757 Labs A Hackerspace in Hampton Roads, Virginia.


One Printer to Rule Them All or Makerbot 3D Printer Now Alive

If you have been by the lab in the last two months, you may have noticed the addition of a new 3D printer: A Makerbot Thing-O-Matic. This device grants us the ability to print objects using ABS plastic (think LEGO brick material) or PLA (a "green" alternative made from renewable material). Check out this young inventor explaining 3D printing.

So, what does this mean for the lab? It means that we now have another piece of equipment in our growing tool set to aid us in our projects. Whether serious or just goofing around (such as scanning people at the lab and printing mini-figurines), the 3D printer is available to members who have taken the training class. The first class graduated two weeks ago and now it is time for the next round for those who are interested.

A little bit about the build process and our results:

The Makerbot Thing-O-Matic is available as a do-it-yourself kit or, for a higher price, prebuilt. We chose the kit, which came in one box with everything seen below (except for the soldering iron, courtesy of Kyle).













We put about 16 hours total into the build, spread out over the course of a week. In the beginning you have to choose one of three types of "build platforms," which is where the material is extruded onto. The kit provides just enough parts to build only one of the three. We elected to use the Automated Build Platform. In theory, this platform allows us to print dozens of items without any intervention. Once an object is printed, the object rolls forward using a conveyor belt where it is pushed out into a collection bucket. After the platform is cleared, the printer continues to print the next object. Our choice in platform may change over time but has been printing quite nicely over the past month as shown in the image below.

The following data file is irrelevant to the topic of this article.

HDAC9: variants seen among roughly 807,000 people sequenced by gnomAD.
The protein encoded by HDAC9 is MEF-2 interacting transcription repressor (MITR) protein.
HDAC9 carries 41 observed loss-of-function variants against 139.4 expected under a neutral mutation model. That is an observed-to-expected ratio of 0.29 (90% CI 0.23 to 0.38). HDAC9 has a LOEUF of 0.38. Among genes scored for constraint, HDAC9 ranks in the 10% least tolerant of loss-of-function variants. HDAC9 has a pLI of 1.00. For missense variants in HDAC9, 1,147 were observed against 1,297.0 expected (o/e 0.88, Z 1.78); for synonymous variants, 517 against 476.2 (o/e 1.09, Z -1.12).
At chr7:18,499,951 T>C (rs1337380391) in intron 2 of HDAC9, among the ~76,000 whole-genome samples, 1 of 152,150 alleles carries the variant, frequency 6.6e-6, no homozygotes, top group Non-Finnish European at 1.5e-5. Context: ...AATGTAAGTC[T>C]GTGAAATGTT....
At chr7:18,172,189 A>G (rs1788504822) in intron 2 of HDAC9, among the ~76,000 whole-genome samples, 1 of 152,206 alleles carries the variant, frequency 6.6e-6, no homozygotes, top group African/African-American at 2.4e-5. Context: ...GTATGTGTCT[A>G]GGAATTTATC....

Automated Build Platform assembled











Everything went together pretty easily, for the most part, requiring only two small hacks: A single stepper motor driver cable was lengthened as it was too short and an extension connector to the power supply was built to accommodate the Automated Build Platform.

Cable Extension

Makerbot build coming together courtesy of help from DJ Mike and Harold (once again sharing some great soldering and electronics knowledge)

Once the installation was completed we had to install and learn some new software that is used to drive the system. You can use most any CAD or modeling package (such as Google Sketch-Up, Blender, AutoCAD, etc.) for designing parts. All that is required is to export the model to .stl (stereolithography file). From here, you use ReplicatorG and open the .stl file after which you have access to a number of settings for "slicing" the model before printing with the Makerbot.


Printing a part









ReplicatorG uses built-in Skeinforge scripts to provide literally hundreds of minor tweaks and changes to fine tune and control your results. After completing calibration (or at least calibrating to a point we considered decent), we started moving to increasingly complicated builds. We have spent the last month running print after print, tweaking settings to provide a good starting point for those interested in printing.

Larger parts














We are pleased to open this tool up to more members of the lab for use in projects. If you already know any of the many CAD or modeling packages out there, you can make your own designs to print. Of course, we are also supporters of the open source design movement found over at Thingiverse. Spend some time browsing and you may find what you need already created or easily adapted!

If you want to get started, the first step is to take a class on working with the machine. More details on the specific settings we use (currently tuned for our cold environment) and how to use, best tips, etc. on our Wiki.

Enjoy and happy printing...